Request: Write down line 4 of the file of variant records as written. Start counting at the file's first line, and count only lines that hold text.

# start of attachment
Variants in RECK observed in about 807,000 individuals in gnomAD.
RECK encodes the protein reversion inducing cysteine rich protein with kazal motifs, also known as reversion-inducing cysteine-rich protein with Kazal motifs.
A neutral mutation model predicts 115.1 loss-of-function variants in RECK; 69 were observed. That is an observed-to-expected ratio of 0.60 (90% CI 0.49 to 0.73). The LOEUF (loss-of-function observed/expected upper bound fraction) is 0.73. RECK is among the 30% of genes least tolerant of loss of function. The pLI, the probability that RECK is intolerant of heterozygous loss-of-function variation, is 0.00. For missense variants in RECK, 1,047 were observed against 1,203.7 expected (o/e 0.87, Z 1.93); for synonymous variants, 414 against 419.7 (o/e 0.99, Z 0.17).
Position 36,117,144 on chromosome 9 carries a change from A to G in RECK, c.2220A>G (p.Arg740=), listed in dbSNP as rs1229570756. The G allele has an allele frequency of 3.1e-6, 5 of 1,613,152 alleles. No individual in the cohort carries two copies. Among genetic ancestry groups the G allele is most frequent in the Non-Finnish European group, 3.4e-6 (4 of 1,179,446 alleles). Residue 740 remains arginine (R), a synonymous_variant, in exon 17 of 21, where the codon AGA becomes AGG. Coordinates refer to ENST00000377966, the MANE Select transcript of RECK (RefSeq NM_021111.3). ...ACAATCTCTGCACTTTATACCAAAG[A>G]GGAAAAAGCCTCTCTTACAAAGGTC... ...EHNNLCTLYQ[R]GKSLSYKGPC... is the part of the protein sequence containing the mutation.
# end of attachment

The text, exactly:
Position 36,117,144 on chromosome 9 carries a change from A to G in RECK, c.2220A>G (p.Arg740=), listed in dbSNP as rs1229570756. The G allele has an allele frequency of 3.1e-6, 5 of 1,613,152 alleles. No individual in the cohort carries two copies. Among genetic ancestry groups the G allele is most frequent in the Non-Finnish European group, 3.4e-6 (4 of 1,179,446 alleles). Residue 740 remains arginine (R), a synonymous_variant, in exon 17 of 21, where the codon AGA becomes AGG. Coordinates refer to ENST00000377966, the MANE Select transcript of RECK (RefSeq NM_021111.3). ...ACAATCTCTGCACTTTATACCAAAG[A>G]GGAAAAAGCCTCTCTTACAAAGGTC... ...EHNNLCTLYQ[R]GKSLSYKGPC... is the part of the protein sequence containing the mutation.